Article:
Photographs by Chris Marais
The recent Shale Gas Imbizo in Cradock on 21 January 2016 featuring new Mineral Resources Minister Mosebenzi Zwane was a long time coming.
And the response from locals must surely have come as a surprise to Government.
Years ago the Department of Mineral Resources had talked about going out to speak to the people about shale gas. Real consultation with Karoo communities.
At some stage in 2014, it emerged they had done no such thing. Three times Departmental roadshows were announced, then cancelled at the last minute.
Then in November 2015, it was announced that the new Minister of Mineral Resources, Mr Mosebenzi Zwane, would hold a Shale Gas Imbizo in Cradock. Twice the Imbizo was announced (first for 2 December, then 17 December), and cancelled.
There was only a few days warning that the one set for 21 January 2016 was actually going to take place at the Lingelihle Stadium.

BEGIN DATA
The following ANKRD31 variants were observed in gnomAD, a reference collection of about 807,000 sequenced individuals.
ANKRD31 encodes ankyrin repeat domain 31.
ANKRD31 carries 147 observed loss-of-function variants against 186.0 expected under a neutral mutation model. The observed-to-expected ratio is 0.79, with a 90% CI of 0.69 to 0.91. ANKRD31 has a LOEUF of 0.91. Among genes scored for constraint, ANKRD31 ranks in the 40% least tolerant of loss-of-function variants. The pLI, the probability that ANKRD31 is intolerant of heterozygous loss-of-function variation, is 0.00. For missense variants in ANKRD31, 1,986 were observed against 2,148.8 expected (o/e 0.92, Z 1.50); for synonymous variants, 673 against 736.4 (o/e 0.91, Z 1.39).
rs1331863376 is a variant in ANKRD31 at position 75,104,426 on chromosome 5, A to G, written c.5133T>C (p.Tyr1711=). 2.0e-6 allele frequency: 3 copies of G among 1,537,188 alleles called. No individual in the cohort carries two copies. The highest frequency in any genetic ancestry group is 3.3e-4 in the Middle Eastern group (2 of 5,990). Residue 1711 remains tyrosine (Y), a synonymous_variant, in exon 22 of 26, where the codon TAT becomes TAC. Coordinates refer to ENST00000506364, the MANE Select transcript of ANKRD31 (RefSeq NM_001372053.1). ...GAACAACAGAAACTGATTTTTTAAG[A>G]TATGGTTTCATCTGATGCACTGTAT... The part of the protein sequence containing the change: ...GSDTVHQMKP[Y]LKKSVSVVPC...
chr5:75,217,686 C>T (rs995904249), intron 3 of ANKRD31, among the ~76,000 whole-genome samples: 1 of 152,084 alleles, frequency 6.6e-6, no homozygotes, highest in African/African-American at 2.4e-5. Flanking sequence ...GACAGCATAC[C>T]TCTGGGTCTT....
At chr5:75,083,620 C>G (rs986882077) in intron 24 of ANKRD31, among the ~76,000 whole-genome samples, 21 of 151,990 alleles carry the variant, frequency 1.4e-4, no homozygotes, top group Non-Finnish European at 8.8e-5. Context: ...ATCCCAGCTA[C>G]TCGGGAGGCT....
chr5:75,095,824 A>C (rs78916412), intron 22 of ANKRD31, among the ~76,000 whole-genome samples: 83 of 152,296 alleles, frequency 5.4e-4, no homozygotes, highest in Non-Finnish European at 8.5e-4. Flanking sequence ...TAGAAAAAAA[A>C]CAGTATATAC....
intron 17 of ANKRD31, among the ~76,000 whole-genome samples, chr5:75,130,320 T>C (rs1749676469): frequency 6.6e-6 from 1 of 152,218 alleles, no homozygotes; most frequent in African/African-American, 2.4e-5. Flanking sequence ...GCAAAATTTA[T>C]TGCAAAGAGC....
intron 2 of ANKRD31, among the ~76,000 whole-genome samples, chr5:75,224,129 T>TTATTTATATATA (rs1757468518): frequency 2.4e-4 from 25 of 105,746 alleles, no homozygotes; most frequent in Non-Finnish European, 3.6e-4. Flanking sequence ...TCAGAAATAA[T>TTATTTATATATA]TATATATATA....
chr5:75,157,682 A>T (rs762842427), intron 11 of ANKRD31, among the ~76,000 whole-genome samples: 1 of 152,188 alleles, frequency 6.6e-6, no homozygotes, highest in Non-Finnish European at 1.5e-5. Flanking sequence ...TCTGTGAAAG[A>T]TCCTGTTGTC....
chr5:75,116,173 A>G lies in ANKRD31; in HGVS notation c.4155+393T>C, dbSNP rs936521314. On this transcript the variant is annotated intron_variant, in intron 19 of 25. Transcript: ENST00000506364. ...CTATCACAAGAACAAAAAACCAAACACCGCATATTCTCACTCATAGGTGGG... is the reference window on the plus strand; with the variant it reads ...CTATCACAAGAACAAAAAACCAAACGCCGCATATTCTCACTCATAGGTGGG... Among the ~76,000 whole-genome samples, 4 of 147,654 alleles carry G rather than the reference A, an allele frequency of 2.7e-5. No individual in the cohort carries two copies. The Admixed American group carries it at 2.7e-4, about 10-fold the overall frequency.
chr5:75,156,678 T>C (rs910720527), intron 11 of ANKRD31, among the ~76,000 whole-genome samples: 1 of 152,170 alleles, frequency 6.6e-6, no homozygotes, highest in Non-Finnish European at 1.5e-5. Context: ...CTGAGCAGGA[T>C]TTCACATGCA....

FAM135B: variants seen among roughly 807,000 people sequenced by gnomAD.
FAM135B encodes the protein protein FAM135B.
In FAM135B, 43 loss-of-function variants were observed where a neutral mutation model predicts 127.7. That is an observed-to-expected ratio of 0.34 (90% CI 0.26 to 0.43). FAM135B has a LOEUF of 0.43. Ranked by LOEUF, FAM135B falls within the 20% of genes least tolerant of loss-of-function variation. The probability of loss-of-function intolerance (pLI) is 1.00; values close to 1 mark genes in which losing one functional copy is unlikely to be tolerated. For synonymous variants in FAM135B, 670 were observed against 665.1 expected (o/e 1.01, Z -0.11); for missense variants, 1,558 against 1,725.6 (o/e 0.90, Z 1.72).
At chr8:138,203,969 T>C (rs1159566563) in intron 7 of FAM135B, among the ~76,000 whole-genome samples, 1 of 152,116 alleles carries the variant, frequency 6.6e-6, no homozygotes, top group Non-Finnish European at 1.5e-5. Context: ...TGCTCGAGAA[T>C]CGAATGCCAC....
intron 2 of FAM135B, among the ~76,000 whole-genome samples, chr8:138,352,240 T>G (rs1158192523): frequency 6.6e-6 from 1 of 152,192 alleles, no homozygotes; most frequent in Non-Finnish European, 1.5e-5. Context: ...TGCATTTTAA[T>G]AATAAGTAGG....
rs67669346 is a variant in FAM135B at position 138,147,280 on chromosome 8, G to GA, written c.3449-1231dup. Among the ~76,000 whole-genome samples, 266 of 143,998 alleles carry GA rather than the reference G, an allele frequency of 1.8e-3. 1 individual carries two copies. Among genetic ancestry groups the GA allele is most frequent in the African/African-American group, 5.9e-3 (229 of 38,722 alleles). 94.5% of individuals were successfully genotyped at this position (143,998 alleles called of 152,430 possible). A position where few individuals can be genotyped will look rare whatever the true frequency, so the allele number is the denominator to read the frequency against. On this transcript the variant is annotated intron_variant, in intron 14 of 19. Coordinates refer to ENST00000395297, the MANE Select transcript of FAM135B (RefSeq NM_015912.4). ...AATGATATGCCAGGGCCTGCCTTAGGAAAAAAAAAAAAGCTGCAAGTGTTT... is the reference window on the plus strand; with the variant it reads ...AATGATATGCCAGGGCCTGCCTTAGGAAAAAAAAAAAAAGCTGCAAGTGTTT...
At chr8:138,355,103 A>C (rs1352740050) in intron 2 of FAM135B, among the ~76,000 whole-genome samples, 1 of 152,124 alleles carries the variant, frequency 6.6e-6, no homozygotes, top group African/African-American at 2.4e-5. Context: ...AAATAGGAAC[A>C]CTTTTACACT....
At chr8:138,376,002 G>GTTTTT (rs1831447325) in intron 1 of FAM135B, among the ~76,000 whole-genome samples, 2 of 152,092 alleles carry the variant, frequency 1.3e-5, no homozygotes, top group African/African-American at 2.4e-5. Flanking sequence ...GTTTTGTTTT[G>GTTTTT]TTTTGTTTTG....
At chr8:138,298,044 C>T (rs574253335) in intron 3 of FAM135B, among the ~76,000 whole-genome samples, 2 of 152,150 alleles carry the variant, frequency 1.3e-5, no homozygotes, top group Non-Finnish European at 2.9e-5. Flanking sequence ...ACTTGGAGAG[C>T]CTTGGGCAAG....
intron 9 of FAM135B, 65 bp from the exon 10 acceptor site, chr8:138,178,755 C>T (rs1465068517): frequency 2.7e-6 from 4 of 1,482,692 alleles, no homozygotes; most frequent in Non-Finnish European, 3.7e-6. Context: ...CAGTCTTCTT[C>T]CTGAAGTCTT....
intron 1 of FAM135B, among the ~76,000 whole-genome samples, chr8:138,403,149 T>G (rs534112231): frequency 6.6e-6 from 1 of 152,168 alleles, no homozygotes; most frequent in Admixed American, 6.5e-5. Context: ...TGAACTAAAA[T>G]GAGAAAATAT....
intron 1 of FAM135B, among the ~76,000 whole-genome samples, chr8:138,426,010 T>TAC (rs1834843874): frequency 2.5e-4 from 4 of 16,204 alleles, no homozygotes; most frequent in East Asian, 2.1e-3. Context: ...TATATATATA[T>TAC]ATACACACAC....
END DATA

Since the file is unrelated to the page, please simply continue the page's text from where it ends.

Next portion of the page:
A massive white tent, big enough to hold a circus, was erected. Thousands of plastic chairs were hired. By 10am, the advertised starting time, every armoured police car in the district seemed to have gathered in the vicinity of the stadium.
Buses with hundreds of people from nearby Tarkastad, Hofmeyr and Middelburg arrived, along with a steady stream of locals, mostly from Lingelihle and Michausdal townships.
Two community liaison people from Shell arrived. There were few white faces. For the rest, it was local community, including church leaders who were ushered to the front.
There were dignitaries from the local Inxuba Yethemba Municipality, the Chris Hani District Municipality as well as Minister Zwane and his entourage, including his director-general Dr Thibedi Ramontja.
Banners from the various municipalities flapped in the breeze. Under a gazebo branded “The Pulse of Communication Excellence in Government”, there was a choice of three Government publications to take away – focusing on saving water, the highlights of the State of the Nation Address and the Department of Cooperative Governance’s Community Work Programme.
There was nothing on shale gas or fracking, or even a brochure from the Department of Mineral Resources, for that matter.
Executive mayor of Inxuba Yethemba Municipality Nyameka Goniwe, widow of Cradock Four struggle stalwart Matthew Goniwe, welcomed various dignitaries and the crowd of at least 1 500 people. Everyone had been given a bottle of water. Women with black bags patrolled the precinct, pouncing on any bits of litter.